- Historic Sites
Among The Cowboys
September 1997 | Volume 48, Issue 5
Jay had Black Anguses, red Herefords, and Charolais crosses on eighty thousand acres at XL.
He pointed out how much more flowering yucca there was in the highway’s right of way than over the fence, where some steers were grazing. “Cattle love yucca. They eat it like candy. Yucca flowers are high in protein. Cowboys call it soapweed.” We passed the Canadian River’s “breaks,” where the capstone had been broken by the water, and turned into the XL Ranch. It was May 17, and the river was already down to an interbraided trickle. Jay said that sixteen years before, when he first leased the ranch, he had laid off a third of the range the first year. “Studies show that grazed land does better if it is periodically rested. But this was a big investment, because we were leasing every acre.”
The High Plains were in blazing bloom. Jay took out a field guide from his glove compartment; he was teaching himself the wildflowers. We waded out into a field with slowly rocking oil pump-jacks interspersed among rashes and splashes of yellow goldenrod, evening prim-rose, orange caliche mallow, tandy aster, a mint called coast germander, Indian blanket, wild gourd, plains verbena, locoweed, white poppy, Lambert’s crazyweed. The year 1992 was a banner one for wildflowers. “I’m just flabbergasted by the yucca. The term riot of color honestly applies at times.”
Alan Tapp, xl’s foreman, gave me a mounted tour of the ranch the next day. We set out at 7:00 A.M. The plains were alive with birds and wrapped in thick, wet mist that quickly burned off to blue sky. We rode past a calf pen. “We’re a yearling, or stocker, operation,” Alan explained. “There are only a few breeders left. These calves came in from Lake Okeechobee, Florida, yesterday. It’s a three-day ride. We’re keeping them here on feed and watching them real closely, doctoring them and vaccinating them and sorting out the sick ones. They’ve been without food for thirty-six hours, so you have to get their rumens healthy again. We’ll pasture them till November, then put them in a winter wheat pasture through March, then they’ll be finished off in the feedlot, then they’ll be processed.”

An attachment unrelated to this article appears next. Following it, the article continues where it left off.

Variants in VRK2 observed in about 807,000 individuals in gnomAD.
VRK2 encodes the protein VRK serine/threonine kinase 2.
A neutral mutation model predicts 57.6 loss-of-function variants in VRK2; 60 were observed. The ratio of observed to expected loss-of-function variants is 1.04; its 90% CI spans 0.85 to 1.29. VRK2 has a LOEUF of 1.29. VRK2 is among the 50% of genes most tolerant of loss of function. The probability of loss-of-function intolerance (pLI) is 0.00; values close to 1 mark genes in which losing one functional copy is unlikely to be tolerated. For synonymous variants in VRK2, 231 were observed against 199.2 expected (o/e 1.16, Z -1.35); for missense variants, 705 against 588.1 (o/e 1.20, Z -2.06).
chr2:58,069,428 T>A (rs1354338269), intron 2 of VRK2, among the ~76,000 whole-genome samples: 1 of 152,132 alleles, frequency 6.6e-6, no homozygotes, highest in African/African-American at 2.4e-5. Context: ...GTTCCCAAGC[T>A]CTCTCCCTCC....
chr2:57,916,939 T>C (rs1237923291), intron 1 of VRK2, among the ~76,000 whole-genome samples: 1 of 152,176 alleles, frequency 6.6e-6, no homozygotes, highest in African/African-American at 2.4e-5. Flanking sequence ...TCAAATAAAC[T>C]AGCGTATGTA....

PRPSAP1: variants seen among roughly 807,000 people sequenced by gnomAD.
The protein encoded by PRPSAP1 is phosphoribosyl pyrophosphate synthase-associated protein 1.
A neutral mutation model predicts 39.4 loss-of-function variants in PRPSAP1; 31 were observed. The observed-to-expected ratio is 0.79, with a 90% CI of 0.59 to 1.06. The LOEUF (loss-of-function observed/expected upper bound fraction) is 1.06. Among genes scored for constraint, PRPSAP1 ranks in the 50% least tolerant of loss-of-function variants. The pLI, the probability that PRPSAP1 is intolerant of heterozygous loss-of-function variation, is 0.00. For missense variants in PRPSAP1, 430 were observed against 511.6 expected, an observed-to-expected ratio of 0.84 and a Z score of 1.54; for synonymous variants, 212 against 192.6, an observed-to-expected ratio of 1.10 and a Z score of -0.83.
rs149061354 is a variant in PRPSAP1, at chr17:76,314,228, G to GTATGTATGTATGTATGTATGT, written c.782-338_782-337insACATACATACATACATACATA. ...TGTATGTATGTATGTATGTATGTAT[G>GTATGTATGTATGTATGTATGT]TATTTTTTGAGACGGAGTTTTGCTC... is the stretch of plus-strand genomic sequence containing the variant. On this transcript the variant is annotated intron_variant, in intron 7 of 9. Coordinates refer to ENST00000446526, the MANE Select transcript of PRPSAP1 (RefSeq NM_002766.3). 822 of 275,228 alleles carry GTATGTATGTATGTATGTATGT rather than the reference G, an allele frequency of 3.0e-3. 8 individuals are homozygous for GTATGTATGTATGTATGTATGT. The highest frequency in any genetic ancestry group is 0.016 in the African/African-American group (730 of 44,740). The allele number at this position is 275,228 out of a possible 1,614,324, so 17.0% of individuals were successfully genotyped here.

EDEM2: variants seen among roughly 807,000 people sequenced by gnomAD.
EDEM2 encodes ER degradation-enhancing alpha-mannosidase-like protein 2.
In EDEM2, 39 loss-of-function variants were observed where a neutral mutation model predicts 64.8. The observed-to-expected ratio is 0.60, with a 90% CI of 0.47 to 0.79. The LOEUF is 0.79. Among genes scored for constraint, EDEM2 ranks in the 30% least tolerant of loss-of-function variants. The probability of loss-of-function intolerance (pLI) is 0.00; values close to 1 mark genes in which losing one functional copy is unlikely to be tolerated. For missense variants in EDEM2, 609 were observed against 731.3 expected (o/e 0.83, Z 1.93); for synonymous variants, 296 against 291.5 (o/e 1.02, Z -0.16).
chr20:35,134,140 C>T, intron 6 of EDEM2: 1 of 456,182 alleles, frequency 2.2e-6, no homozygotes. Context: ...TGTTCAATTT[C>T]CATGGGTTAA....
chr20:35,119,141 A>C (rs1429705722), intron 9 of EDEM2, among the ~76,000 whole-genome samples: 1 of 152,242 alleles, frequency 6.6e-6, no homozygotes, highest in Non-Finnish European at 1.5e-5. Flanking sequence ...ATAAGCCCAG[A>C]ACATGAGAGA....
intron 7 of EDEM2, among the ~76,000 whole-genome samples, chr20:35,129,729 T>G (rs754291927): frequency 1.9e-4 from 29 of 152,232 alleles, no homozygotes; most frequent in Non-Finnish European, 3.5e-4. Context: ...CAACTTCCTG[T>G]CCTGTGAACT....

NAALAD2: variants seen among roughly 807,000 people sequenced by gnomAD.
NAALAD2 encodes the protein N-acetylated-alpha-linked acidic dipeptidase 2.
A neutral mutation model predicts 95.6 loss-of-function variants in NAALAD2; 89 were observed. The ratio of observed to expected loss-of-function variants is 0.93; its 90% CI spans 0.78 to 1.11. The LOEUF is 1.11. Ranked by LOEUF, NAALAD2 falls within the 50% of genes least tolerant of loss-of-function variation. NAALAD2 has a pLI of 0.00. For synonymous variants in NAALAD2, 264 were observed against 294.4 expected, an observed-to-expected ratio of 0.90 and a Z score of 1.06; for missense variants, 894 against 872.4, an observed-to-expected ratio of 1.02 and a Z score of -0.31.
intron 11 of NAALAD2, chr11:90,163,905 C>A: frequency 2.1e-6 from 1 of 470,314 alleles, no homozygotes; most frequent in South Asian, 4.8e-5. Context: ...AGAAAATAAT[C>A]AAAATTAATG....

“WE HAVE SIX HORSES APIECE.…SOME ARE BETTER SUITED FOR DIFFERENT THINGS.…A YOUNG HORSE IS JUST LIKE A CHILD: ANY HABITS IT ACQUIRES ARE YOUR FAULT.”
We talked about cowboys. Alan said, “There are all sorts of cowboys, just like everybody. I feel it’s a dwindling art. There’s not a lotta young kids coming up that want to do this, and with technology and stuff there’s not as many required. But still you gotta get on the horse and work the cattle. There used to be bachelor camps and drifters—true misogynists, who loved their horse more than any woman—but no more.” Alan had a rope on his saddle, but he didn’t use it much. “We don’t stress the animals with rope; we keep them in line with our horses. A horse that can sort and push animals into a pen is important, and it’s a beautiful thing to watch.” There were regional differences in roping techniques, he explained as we ambled along. “Some cowboys dally; they wrap the end of the rope around the saddle horn after they’ve thrown it. Others tie on before. If you dally, it’s safer, because if it gets hung up, you can let go. But you could lose the rope.”
Alan was thirty-two, with a thick black mustache and the hair under his black hat already gray and a deep red face, almost purple from the sun. His family had been in the cattle business for four generations. He had gone early into cowboying.“ It’s what I always wanted to do,” he said. I asked why. “’Cause you’re dealing with nature. You’re dealing with what God made. I mean I don’t know how to explain—it’s a feeling you get when you’re on top of a rise or look out at all these soapweed blossoms and when you’re cutting out a cow and it’s trying to get back in the herd and your horse does just what he was born to do, you have nothin’ to do with it, you’re just sitting up there. There’s something out here.…We don’t have a lot of faith in preachers with their fire and brimstone. We’re alone a lot but never lonely. Most of us prefer it. It’s more like pragmatism, an appreciation of the Tightness of it.”
“Tom Blasingame [who had competed at the rodeo] said one time a cowboy’s a cowboy because of horses. If you take away the horse, there is no cowboy. We don’t necessarily like the cows, but we love our horses. But if a heifer is having a calf and she’s in trouble in the middle of the night, we go out and help and stay with her. You develop a fondness for all life just watching baby calves playing.
“We have six horses apiece. Like humans, some are better suited for different things. Some horses excel at sorting [also known as cutting], others at roping. Some have endurance, others have a lot of go to them. A young horse is just like a child: Any habits it acquires are your fault. A rodeo is man and horse on display. You take pleasure in another person’s horse being quality. Cowboys are not competitive. A cowboy never tells another cowboy he screwed up. Talking about this is abnormal. You don’t run it right in front of a man. And your word is your bond.”